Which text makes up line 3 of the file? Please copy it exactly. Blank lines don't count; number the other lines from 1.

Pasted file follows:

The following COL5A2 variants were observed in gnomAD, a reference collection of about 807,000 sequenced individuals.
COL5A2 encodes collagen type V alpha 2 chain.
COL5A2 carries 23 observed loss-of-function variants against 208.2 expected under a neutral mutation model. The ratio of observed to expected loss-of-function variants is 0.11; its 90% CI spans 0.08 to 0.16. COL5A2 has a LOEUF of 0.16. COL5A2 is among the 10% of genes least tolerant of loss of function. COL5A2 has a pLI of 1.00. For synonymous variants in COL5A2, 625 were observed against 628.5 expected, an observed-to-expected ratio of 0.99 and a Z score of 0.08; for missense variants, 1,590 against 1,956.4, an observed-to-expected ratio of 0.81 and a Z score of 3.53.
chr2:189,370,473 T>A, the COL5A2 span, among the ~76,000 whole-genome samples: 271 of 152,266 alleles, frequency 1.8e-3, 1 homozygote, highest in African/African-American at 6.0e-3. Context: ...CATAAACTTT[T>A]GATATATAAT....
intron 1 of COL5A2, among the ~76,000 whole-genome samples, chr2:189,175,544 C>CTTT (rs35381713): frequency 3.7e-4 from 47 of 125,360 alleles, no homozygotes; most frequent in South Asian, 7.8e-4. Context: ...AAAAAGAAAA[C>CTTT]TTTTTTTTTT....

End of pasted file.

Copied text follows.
COL5A2 carries 23 observed loss-of-function variants against 208.2 expected under a neutral mutation model. The ratio of observed to expected loss-of-function variants is 0.11; its 90% CI spans 0.08 to 0.16. COL5A2 has a LOEUF of 0.16. COL5A2 is among the 10% of genes least tolerant of loss of function. COL5A2 has a pLI of 1.00. For synonymous variants in COL5A2, 625 were observed against 628.5 expected, an observed-to-expected ratio of 0.99 and a Z score of 0.08; for missense variants, 1,590 against 1,956.4, an observed-to-expected ratio of 0.81 and a Z score of 3.53.